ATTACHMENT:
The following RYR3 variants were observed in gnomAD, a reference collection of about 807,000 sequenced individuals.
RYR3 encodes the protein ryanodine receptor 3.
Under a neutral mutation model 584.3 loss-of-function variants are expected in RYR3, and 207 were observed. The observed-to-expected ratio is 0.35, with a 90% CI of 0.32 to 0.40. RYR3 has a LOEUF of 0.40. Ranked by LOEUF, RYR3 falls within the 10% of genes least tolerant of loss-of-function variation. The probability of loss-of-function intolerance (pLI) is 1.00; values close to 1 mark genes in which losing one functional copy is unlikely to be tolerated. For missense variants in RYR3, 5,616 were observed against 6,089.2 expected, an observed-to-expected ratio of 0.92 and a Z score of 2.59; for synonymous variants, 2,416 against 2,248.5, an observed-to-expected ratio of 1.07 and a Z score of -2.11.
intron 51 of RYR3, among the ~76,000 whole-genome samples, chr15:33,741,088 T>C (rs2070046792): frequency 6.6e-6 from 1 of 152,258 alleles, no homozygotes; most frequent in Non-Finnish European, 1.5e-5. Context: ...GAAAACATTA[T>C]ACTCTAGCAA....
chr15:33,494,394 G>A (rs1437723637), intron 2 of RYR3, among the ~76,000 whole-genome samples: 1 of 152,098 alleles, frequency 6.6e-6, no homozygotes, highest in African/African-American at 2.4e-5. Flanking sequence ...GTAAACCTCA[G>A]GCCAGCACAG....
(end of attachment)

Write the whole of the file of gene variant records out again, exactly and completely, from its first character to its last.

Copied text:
The following RYR3 variants were observed in gnomAD, a reference collection of about 807,000 sequenced individuals.
RYR3 encodes the protein ryanodine receptor 3.
Under a neutral mutation model 584.3 loss-of-function variants are expected in RYR3, and 207 were observed. The observed-to-expected ratio is 0.35, with a 90% CI of 0.32 to 0.40. RYR3 has a LOEUF of 0.40. Ranked by LOEUF, RYR3 falls within the 10% of genes least tolerant of loss-of-function variation. The probability of loss-of-function intolerance (pLI) is 1.00; values close to 1 mark genes in which losing one functional copy is unlikely to be tolerated. For missense variants in RYR3, 5,616 were observed against 6,089.2 expected, an observed-to-expected ratio of 0.92 and a Z score of 2.59; for synonymous variants, 2,416 against 2,248.5, an observed-to-expected ratio of 1.07 and a Z score of -2.11.
intron 51 of RYR3, among the ~76,000 whole-genome samples, chr15:33,741,088 T>C (rs2070046792): frequency 6.6e-6 from 1 of 152,258 alleles, no homozygotes; most frequent in Non-Finnish European, 1.5e-5. Context: ...GAAAACATTA[T>C]ACTCTAGCAA....
chr15:33,494,394 G>A (rs1437723637), intron 2 of RYR3, among the ~76,000 whole-genome samples: 1 of 152,098 alleles, frequency 6.6e-6, no homozygotes, highest in African/African-American at 2.4e-5. Flanking sequence ...GTAAACCTCA[G>A]GCCAGCACAG....